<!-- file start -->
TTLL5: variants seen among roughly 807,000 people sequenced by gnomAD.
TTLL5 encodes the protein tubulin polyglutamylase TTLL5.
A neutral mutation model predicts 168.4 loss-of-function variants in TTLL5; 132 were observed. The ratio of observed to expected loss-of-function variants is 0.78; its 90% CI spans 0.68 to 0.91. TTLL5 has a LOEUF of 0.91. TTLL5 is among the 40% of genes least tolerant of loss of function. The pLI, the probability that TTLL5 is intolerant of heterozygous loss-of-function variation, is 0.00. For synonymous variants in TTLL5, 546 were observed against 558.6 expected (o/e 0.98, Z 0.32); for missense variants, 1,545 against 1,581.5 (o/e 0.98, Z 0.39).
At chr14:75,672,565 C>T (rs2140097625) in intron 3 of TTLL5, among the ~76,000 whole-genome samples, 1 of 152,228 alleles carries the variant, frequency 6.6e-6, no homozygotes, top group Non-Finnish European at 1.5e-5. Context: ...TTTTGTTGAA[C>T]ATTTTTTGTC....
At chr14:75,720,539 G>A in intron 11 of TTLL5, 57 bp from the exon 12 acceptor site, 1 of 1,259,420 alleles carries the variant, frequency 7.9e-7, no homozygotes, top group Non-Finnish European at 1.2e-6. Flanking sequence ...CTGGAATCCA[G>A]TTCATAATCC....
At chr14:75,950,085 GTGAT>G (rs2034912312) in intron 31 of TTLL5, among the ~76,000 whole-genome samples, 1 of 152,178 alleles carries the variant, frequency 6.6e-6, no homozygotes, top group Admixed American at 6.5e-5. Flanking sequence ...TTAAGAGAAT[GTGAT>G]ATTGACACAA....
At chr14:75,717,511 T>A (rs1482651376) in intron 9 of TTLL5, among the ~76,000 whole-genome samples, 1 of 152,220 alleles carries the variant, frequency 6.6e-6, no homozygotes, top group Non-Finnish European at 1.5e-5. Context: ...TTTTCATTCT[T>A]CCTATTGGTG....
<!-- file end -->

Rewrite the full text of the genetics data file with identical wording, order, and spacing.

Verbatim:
TTLL5: variants seen among roughly 807,000 people sequenced by gnomAD.
TTLL5 encodes the protein tubulin polyglutamylase TTLL5.
A neutral mutation model predicts 168.4 loss-of-function variants in TTLL5; 132 were observed. The ratio of observed to expected loss-of-function variants is 0.78; its 90% CI spans 0.68 to 0.91. TTLL5 has a LOEUF of 0.91. TTLL5 is among the 40% of genes least tolerant of loss of function. The pLI, the probability that TTLL5 is intolerant of heterozygous loss-of-function variation, is 0.00. For synonymous variants in TTLL5, 546 were observed against 558.6 expected (o/e 0.98, Z 0.32); for missense variants, 1,545 against 1,581.5 (o/e 0.98, Z 0.39).
At chr14:75,672,565 C>T (rs2140097625) in intron 3 of TTLL5, among the ~76,000 whole-genome samples, 1 of 152,228 alleles carries the variant, frequency 6.6e-6, no homozygotes, top group Non-Finnish European at 1.5e-5. Context: ...TTTTGTTGAA[C>T]ATTTTTTGTC....
At chr14:75,720,539 G>A in intron 11 of TTLL5, 57 bp from the exon 12 acceptor site, 1 of 1,259,420 alleles carries the variant, frequency 7.9e-7, no homozygotes, top group Non-Finnish European at 1.2e-6. Flanking sequence ...CTGGAATCCA[G>A]TTCATAATCC....
At chr14:75,950,085 GTGAT>G (rs2034912312) in intron 31 of TTLL5, among the ~76,000 whole-genome samples, 1 of 152,178 alleles carries the variant, frequency 6.6e-6, no homozygotes, top group Admixed American at 6.5e-5. Flanking sequence ...TTAAGAGAAT[GTGAT>G]ATTGACACAA....
At chr14:75,717,511 T>A (rs1482651376) in intron 9 of TTLL5, among the ~76,000 whole-genome samples, 1 of 152,220 alleles carries the variant, frequency 6.6e-6, no homozygotes, top group Non-Finnish European at 1.5e-5. Context: ...TTTTCATTCT[T>A]CCTATTGGTG....